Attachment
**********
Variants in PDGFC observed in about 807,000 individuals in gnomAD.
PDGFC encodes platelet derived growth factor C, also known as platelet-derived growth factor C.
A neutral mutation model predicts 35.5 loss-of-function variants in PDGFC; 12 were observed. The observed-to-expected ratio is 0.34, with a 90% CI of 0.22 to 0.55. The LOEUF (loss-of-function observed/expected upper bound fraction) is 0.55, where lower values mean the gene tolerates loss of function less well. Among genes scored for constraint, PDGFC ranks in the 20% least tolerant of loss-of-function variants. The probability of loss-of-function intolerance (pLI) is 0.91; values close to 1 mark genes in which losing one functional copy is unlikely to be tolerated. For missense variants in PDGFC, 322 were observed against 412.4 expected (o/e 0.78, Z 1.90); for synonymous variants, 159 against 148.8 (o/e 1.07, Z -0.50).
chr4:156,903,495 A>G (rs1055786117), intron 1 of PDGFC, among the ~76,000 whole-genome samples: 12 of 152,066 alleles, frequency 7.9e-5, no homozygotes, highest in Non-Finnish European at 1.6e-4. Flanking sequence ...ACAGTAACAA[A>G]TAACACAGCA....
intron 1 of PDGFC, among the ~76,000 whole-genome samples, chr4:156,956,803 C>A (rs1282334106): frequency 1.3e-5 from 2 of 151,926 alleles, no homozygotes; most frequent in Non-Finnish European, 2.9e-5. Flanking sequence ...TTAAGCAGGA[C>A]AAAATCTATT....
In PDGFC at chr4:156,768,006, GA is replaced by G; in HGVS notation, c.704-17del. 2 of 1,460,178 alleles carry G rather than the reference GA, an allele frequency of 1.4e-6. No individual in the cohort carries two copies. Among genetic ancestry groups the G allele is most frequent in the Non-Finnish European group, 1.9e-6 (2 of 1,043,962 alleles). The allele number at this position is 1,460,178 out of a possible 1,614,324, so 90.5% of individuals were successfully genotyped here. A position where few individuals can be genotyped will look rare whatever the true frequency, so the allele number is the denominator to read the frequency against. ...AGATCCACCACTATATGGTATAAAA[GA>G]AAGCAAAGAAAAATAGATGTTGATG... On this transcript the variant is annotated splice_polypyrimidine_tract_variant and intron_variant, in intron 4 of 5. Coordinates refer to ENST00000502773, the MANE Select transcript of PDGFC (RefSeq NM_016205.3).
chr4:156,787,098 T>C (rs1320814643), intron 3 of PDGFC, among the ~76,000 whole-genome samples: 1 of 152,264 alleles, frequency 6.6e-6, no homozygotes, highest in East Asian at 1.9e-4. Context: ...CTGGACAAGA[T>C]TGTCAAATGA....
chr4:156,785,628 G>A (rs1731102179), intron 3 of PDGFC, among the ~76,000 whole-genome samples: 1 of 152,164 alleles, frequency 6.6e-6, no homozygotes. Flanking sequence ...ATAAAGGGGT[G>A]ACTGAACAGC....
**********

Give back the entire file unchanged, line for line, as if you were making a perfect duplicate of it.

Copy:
Variants in PDGFC observed in about 807,000 individuals in gnomAD.
PDGFC encodes platelet derived growth factor C, also known as platelet-derived growth factor C.
A neutral mutation model predicts 35.5 loss-of-function variants in PDGFC; 12 were observed. The observed-to-expected ratio is 0.34, with a 90% CI of 0.22 to 0.55. The LOEUF (loss-of-function observed/expected upper bound fraction) is 0.55, where lower values mean the gene tolerates loss of function less well. Among genes scored for constraint, PDGFC ranks in the 20% least tolerant of loss-of-function variants. The probability of loss-of-function intolerance (pLI) is 0.91; values close to 1 mark genes in which losing one functional copy is unlikely to be tolerated. For missense variants in PDGFC, 322 were observed against 412.4 expected (o/e 0.78, Z 1.90); for synonymous variants, 159 against 148.8 (o/e 1.07, Z -0.50).
chr4:156,903,495 A>G (rs1055786117), intron 1 of PDGFC, among the ~76,000 whole-genome samples: 12 of 152,066 alleles, frequency 7.9e-5, no homozygotes, highest in Non-Finnish European at 1.6e-4. Flanking sequence ...ACAGTAACAA[A>G]TAACACAGCA....
intron 1 of PDGFC, among the ~76,000 whole-genome samples, chr4:156,956,803 C>A (rs1282334106): frequency 1.3e-5 from 2 of 151,926 alleles, no homozygotes; most frequent in Non-Finnish European, 2.9e-5. Flanking sequence ...TTAAGCAGGA[C>A]AAAATCTATT....
In PDGFC at chr4:156,768,006, GA is replaced by G; in HGVS notation, c.704-17del. 2 of 1,460,178 alleles carry G rather than the reference GA, an allele frequency of 1.4e-6. No individual in the cohort carries two copies. Among genetic ancestry groups the G allele is most frequent in the Non-Finnish European group, 1.9e-6 (2 of 1,043,962 alleles). The allele number at this position is 1,460,178 out of a possible 1,614,324, so 90.5% of individuals were successfully genotyped here. A position where few individuals can be genotyped will look rare whatever the true frequency, so the allele number is the denominator to read the frequency against. ...AGATCCACCACTATATGGTATAAAA[GA>G]AAGCAAAGAAAAATAGATGTTGATG... On this transcript the variant is annotated splice_polypyrimidine_tract_variant and intron_variant, in intron 4 of 5. Coordinates refer to ENST00000502773, the MANE Select transcript of PDGFC (RefSeq NM_016205.3).
chr4:156,787,098 T>C (rs1320814643), intron 3 of PDGFC, among the ~76,000 whole-genome samples: 1 of 152,264 alleles, frequency 6.6e-6, no homozygotes, highest in East Asian at 1.9e-4. Context: ...CTGGACAAGA[T>C]TGTCAAATGA....
chr4:156,785,628 G>A (rs1731102179), intron 3 of PDGFC, among the ~76,000 whole-genome samples: 1 of 152,164 alleles, frequency 6.6e-6, no homozygotes. Flanking sequence ...ATAAAGGGGT[G>A]ACTGAACAGC....